Three European leaders took the train today to Kyiv to meet Volodymyr Zelensky. The visit has been billed as a “symbolic joint trip to show their support for Ukraine”, but there will have been pressure on the Ukrainian president to indicate what it might take on the part of him and his people to meaningfully engage in peace negotiations with Russia.
We’re seeing increased reports that many in Europe think Ukraine should be ready to concede at least some territory if it would bring the war to a rapid end. But recent research conducted in Ukraine by a team which included Kristin M Bakke of University College London with two US colleagues found that 82% of respondents believed Ukraine should not under any circumstances concede territory.
Drilling down into that, they found some interesting variations in the views depending on both gender (women were less likely to insist on taking back all occupied territory) and location of respondents (people in the west of Ukraine were more insistent on winning back their territory than in the east where the fighting is concentrated at the moment).
It looks like an intractable problem. Vladimir Putin appears to be channelling Peter the Great in his thirst for conquest, with the Ukrainian people overwhelmingly opposed to allowing him to slake that thirst with their blood. So, how might negotiations play out? Neophytos Loizides, a professor of international conflict analysis at the University of Kent, has offered five ideas, based on situations where negotiations have resolved often bitter conflicts, that could help kickstart peace talks.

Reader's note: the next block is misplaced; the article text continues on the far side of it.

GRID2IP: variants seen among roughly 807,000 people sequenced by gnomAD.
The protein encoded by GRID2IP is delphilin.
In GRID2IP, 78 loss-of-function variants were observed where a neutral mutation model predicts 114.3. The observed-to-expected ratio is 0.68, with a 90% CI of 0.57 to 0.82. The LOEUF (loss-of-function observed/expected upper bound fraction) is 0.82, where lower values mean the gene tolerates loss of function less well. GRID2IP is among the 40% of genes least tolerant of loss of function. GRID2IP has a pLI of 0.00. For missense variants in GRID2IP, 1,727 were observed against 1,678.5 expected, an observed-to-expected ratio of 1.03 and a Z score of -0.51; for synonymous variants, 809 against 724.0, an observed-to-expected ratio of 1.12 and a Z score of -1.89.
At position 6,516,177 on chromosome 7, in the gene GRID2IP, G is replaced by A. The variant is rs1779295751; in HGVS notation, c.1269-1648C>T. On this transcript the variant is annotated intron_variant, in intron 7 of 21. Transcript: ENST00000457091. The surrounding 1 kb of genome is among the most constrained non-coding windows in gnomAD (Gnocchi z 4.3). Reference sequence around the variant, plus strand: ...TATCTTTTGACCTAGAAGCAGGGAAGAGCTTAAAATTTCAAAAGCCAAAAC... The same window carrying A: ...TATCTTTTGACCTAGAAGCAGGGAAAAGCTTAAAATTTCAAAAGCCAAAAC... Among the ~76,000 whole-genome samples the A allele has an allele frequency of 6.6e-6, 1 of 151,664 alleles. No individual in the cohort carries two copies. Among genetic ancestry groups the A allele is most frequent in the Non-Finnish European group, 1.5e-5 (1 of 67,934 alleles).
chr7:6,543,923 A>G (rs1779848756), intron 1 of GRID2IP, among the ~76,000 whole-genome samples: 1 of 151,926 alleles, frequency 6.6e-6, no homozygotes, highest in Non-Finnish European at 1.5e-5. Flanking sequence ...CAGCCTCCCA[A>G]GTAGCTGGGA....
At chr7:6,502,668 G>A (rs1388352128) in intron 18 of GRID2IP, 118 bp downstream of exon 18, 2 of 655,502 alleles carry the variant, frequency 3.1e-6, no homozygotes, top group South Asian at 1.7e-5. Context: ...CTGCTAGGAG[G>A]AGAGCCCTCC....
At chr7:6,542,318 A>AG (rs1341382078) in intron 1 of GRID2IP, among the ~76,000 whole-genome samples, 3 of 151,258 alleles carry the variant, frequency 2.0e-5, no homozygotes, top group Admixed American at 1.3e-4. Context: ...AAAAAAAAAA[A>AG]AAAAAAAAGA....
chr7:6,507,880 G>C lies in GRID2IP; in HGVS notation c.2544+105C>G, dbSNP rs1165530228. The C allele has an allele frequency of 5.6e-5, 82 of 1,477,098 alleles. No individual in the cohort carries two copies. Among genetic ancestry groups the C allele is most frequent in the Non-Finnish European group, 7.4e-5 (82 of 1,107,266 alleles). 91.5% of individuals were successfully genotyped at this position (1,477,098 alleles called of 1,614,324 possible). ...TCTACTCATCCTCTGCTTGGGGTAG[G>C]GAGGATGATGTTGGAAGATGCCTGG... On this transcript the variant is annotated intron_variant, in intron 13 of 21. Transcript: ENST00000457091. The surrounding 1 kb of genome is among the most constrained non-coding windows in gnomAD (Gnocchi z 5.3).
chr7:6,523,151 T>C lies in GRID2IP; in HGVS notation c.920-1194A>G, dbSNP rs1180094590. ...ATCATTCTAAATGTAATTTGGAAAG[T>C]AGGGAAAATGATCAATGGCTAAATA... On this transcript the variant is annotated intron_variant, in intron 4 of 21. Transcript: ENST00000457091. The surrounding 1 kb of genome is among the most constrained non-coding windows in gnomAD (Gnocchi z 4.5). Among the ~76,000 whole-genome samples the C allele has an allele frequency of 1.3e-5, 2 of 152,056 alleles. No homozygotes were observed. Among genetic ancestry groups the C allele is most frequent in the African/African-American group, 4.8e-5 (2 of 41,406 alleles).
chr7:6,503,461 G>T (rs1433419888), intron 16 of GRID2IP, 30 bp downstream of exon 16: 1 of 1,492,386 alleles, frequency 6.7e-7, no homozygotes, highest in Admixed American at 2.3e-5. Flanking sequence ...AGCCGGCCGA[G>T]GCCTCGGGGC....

One of Ukraine’s firmest friends through all of this has been Poland, which is playing host to 1.42 million refugees, according to the UN, and has offered steadfast support throughout the conflict. But it was not always so cordial between the two countries. For centuries Ukrainians and Poles have been at loggerheads – mainly over territorial and identity issues. Christoph Mick, professor of modern European history at Warwick University, walks us through this chequered past looks at the issues that have bought the two former enemies together.
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On the battlefield
The conflict grinds on and the butcher’s bill continues to mount, with all the tragedy and heartache that goes with it. Last week there were reports of what the Russians are calling a terror attack and the Ukrainians are calling resistance activity, which is a familiar difference of opinion that seems to crop up whenever a powerful nation attacks and occupies a less powerful one.
Russian sources reported recently that a cafe frequented by occupation forces in the city of Kherson in southern Ukraine had been the target of a bombing in which four people were injured. The Russians have been keen to frame this as terrorism, but – as Chris Morris, an expert in policing from the University of Portsmouth – points out here, it’s very much in line with what you might expect from an occupied city in the midst of such a violent war of occupation.